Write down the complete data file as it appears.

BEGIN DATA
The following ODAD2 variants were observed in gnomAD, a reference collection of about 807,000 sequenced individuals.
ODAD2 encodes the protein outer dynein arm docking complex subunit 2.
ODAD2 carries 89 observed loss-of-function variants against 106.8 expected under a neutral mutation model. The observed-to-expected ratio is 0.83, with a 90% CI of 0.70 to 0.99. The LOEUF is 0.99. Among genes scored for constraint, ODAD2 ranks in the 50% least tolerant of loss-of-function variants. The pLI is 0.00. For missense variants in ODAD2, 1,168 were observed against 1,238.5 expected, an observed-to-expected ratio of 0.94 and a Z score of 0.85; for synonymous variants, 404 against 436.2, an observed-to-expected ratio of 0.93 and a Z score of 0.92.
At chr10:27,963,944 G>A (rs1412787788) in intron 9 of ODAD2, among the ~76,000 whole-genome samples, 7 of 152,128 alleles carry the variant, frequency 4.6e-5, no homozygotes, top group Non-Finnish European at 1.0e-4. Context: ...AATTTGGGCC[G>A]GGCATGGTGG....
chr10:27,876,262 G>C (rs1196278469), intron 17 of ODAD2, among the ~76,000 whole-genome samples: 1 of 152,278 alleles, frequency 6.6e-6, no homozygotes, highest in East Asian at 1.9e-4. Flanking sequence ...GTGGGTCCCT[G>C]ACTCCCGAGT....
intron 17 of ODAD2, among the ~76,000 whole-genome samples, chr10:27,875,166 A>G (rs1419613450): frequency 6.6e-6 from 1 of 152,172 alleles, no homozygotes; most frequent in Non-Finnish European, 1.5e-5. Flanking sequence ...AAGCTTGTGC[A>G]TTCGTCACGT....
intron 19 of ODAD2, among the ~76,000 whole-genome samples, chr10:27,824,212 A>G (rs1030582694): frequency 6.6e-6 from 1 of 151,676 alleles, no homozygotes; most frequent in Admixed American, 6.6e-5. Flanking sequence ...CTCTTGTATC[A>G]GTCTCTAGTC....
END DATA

The following ODAD2 variants were observed in gnomAD, a reference collection of about 807,000 sequenced individuals.
ODAD2 encodes the protein outer dynein arm docking complex subunit 2.
ODAD2 carries 89 observed loss-of-function variants against 106.8 expected under a neutral mutation model. The observed-to-expected ratio is 0.83, with a 90% CI of 0.70 to 0.99. The LOEUF is 0.99. Among genes scored for constraint, ODAD2 ranks in the 50% least tolerant of loss-of-function variants. The pLI is 0.00. For missense variants in ODAD2, 1,168 were observed against 1,238.5 expected, an observed-to-expected ratio of 0.94 and a Z score of 0.85; for synonymous variants, 404 against 436.2, an observed-to-expected ratio of 0.93 and a Z score of 0.92.
At chr10:27,963,944 G>A (rs1412787788) in intron 9 of ODAD2, among the ~76,000 whole-genome samples, 7 of 152,128 alleles carry the variant, frequency 4.6e-5, no homozygotes, top group Non-Finnish European at 1.0e-4. Context: ...AATTTGGGCC[G>A]GGCATGGTGG....
chr10:27,876,262 G>C (rs1196278469), intron 17 of ODAD2, among the ~76,000 whole-genome samples: 1 of 152,278 alleles, frequency 6.6e-6, no homozygotes, highest in East Asian at 1.9e-4. Flanking sequence ...GTGGGTCCCT[G>C]ACTCCCGAGT....
intron 17 of ODAD2, among the ~76,000 whole-genome samples, chr10:27,875,166 A>G (rs1419613450): frequency 6.6e-6 from 1 of 152,172 alleles, no homozygotes; most frequent in Non-Finnish European, 1.5e-5. Flanking sequence ...AAGCTTGTGC[A>G]TTCGTCACGT....
intron 19 of ODAD2, among the ~76,000 whole-genome samples, chr10:27,824,212 A>G (rs1030582694): frequency 6.6e-6 from 1 of 151,676 alleles, no homozygotes; most frequent in Admixed American, 6.6e-5. Flanking sequence ...CTCTTGTATC[A>G]GTCTCTAGTC....